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Powerful Printing in Flash : Page 4

Use Flash's robust printing support to add print functionality to your Flash movies or Web applications. By using off-screen movie clips and ActionScripts movie clip copying commands, effective printouts can be assembled on the fly.




Building the Right Environment to Support AI, Machine Learning and Deep Learning

Controlling the Printout Format
You still need to add the exhibit info and date to the printout. Here is one way to print a movie clip that is on the user interface: add a couple of textfields to the drawingArea clip. By default, make these fields invisible and then immediately before printing, make them visible. Right after printing, turn them off again.

This solution is not ideal because users will see an awkward flickering as the textfields appear and disappear just before and after printing. Also, in general, there is no guaruntee that Flash will send the image of the drawingArea clip to the printer at the exact moment the textfields are visible. If Flash is a fraction of a second late, they may not appear in the printout.

Figure 3: The Printing Clip. Notice the printing clip is located outside the visible area of the movie.

The solution, as I mentioned at the beginning, is to use an off-screen movie clip. Copy what is on the drawingArea clip to a movie clip outside the visible area, and print that off-screen clip. It turns out that Flash is perfectly capable of printing clips that are beyond the borders of the visible area (see Figure 3).

Create another clip called printingClip. Make it the same size as drawingClip, but keep it out of the visible area of the movie. To that clip, add a pair of TextFields at the top for the exhibit info and date. To further improve the look of the printout, you can stick in a border as well.

The print button needs to make a copy of what is on the current drawing area. To do this, change the print button handler:

printButton.onPress = function() { // we need to make a copy of circleCount circles for (var i = 0; i < circleCount; i++) { // first find the circle clip on the drawing area var drawnCircle = eval("drawingArea.circle" + i); // create a new circle clip on the print area printingArea.attachMovie("circle","circle" + i,i); var printCircle = eval("printingArea.circle" + i); // move the new circle clip to the same position as the other clip printCircle._x = drawnCircle._x; printCircle._y = drawnCircle._y; // set color of the new circle clip var drawnCircleColor = new Color(drawnCircle); var printCircleColor = new Color(printCircle); printCircleColor.setRGB(drawnCircleColor.getRGB()); }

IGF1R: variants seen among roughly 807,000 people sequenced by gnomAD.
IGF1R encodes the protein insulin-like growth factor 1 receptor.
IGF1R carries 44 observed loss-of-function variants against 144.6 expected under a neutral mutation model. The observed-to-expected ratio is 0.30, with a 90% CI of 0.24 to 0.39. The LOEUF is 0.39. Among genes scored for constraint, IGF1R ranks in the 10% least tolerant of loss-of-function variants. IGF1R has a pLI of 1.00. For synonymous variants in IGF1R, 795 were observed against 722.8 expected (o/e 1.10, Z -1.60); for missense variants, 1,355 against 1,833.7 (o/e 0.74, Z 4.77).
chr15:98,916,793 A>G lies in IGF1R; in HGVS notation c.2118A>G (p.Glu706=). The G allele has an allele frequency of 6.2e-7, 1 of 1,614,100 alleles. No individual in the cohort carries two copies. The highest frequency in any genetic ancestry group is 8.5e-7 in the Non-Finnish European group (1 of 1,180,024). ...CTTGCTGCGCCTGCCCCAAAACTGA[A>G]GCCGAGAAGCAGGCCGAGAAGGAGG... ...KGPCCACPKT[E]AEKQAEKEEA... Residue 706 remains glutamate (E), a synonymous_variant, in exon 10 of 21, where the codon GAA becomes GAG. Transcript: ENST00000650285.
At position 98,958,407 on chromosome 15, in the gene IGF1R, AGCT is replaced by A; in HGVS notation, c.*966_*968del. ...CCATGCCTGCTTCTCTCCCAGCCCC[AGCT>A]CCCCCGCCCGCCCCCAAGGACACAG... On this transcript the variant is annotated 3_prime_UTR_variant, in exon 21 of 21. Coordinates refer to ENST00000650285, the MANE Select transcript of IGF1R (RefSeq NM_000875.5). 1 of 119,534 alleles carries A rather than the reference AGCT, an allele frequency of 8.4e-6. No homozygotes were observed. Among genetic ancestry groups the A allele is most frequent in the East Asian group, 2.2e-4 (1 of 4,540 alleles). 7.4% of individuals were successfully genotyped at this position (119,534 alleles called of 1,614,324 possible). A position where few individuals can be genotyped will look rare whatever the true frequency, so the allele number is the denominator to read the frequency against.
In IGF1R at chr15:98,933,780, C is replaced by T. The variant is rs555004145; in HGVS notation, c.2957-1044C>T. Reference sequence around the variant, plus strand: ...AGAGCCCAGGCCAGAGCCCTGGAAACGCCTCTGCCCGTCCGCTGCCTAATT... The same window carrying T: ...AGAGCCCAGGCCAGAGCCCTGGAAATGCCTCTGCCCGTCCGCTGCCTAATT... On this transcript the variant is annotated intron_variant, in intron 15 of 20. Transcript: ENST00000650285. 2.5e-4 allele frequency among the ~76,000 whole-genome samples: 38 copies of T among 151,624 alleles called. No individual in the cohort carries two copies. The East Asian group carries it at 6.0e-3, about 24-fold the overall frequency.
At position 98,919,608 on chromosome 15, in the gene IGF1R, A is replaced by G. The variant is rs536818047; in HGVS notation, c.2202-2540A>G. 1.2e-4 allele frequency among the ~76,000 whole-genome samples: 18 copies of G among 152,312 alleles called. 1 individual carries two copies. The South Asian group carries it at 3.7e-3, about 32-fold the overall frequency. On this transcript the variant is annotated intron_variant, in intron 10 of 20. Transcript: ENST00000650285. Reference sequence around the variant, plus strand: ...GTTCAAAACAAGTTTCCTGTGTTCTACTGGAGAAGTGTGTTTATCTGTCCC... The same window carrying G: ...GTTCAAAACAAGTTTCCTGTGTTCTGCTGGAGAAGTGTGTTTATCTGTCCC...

The final movie includes a date field on the printout, so just before calling print(), fill in the date:

printingArea.dateField.text = new Date();

Then call print():


There you have it! A print UI that you can customize to support your printing needs. Plus, if the client has new formatting requests, you can easily manipulate this printing interface without affecting the main UI.

Eric Jansson is the lead software engineer at ActiveInk (www.activeink.net), a developer of interactive online curriculum powered by the ActiveInk Network delivery platform. One of his focuses in recent years has been integrating Flash into Web-based applications, to which he brings his years of experience working with Java and object-oriented design. He can be reached at eric.jansson@activeink.net.
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